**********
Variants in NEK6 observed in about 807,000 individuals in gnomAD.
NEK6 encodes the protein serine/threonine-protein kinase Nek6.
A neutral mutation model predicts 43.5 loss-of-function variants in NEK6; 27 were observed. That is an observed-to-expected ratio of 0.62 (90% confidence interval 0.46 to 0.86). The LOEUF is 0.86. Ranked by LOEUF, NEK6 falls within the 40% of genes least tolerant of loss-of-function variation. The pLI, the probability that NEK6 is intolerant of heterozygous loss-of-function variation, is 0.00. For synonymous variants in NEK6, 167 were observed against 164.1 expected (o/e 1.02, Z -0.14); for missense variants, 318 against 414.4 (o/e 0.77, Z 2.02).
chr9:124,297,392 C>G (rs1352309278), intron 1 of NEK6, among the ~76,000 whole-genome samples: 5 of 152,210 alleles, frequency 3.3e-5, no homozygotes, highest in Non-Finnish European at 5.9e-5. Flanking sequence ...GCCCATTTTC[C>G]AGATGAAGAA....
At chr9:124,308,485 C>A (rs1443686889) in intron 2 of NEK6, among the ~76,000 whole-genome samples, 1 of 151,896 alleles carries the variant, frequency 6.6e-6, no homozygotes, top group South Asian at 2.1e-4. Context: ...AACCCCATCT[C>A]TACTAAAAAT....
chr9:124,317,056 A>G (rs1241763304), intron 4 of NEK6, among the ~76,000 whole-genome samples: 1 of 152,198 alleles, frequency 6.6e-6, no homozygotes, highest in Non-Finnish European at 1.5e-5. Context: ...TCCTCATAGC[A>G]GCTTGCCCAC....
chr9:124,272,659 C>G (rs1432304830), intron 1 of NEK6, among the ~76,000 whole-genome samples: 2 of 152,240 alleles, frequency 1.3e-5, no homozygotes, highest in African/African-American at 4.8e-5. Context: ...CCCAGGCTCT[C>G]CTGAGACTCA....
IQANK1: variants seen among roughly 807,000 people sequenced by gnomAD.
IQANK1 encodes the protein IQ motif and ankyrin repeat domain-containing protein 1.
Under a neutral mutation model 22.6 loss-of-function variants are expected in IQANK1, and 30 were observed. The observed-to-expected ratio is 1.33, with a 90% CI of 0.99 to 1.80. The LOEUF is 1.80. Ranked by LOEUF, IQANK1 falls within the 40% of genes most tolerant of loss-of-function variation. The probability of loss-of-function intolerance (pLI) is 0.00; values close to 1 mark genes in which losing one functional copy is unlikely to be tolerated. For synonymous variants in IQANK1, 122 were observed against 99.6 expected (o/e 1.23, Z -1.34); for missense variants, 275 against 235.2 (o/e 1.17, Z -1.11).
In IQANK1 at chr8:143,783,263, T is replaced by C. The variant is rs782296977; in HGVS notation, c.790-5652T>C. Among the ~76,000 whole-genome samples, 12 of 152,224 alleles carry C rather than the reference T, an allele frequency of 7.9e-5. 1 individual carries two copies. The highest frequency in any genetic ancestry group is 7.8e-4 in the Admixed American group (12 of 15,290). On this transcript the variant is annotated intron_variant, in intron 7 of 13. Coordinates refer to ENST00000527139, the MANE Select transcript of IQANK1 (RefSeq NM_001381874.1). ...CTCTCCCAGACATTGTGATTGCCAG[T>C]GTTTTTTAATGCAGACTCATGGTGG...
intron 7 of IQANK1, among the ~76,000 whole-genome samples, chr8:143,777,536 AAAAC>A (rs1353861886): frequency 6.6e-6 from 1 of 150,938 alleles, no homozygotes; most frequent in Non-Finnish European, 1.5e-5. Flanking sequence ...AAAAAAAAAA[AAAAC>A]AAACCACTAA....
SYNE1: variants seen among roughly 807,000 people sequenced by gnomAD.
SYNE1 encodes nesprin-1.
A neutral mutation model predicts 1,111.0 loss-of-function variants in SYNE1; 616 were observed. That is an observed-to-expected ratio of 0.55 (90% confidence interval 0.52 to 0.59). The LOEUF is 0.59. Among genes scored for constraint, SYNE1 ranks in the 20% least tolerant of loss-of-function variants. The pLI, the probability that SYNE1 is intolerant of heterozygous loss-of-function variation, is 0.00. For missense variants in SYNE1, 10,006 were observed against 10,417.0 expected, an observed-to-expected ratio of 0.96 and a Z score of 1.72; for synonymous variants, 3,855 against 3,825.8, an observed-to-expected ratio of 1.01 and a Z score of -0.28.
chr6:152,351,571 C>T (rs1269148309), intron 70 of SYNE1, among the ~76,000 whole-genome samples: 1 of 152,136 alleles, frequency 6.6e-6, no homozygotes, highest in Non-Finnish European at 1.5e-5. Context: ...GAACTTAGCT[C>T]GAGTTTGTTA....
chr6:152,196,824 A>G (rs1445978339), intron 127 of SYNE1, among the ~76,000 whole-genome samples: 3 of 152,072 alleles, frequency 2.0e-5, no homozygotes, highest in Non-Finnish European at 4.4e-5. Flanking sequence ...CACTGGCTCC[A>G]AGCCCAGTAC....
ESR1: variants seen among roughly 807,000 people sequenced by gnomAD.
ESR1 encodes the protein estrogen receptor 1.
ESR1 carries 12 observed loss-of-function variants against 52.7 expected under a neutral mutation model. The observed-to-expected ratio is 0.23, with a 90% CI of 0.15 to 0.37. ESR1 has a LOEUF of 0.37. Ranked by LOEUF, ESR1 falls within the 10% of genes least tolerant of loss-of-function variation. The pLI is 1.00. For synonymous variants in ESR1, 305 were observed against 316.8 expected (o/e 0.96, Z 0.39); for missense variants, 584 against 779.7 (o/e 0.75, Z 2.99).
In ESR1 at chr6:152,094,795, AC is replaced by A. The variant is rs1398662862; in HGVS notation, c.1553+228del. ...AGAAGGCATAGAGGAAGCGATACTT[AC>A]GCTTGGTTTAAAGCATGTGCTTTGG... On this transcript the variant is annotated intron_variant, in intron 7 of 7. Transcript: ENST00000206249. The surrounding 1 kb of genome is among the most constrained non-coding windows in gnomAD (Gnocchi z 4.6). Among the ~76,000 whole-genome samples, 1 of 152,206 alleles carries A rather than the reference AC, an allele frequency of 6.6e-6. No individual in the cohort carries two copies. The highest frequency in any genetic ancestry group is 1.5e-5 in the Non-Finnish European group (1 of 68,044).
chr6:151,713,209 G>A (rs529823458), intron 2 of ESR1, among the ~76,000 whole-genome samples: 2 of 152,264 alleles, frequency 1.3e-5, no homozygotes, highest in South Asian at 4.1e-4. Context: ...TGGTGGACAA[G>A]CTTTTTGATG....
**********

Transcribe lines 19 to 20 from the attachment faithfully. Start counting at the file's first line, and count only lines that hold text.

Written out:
ESR1 encodes the protein estrogen receptor 1.
ESR1 carries 12 observed loss-of-function variants against 52.7 expected under a neutral mutation model. The observed-to-expected ratio is 0.23, with a 90% CI of 0.15 to 0.37. ESR1 has a LOEUF of 0.37. Ranked by LOEUF, ESR1 falls within the 10% of genes least tolerant of loss-of-function variation. The pLI is 1.00. For synonymous variants in ESR1, 305 were observed against 316.8 expected (o/e 0.96, Z 0.39); for missense variants, 584 against 779.7 (o/e 0.75, Z 2.99).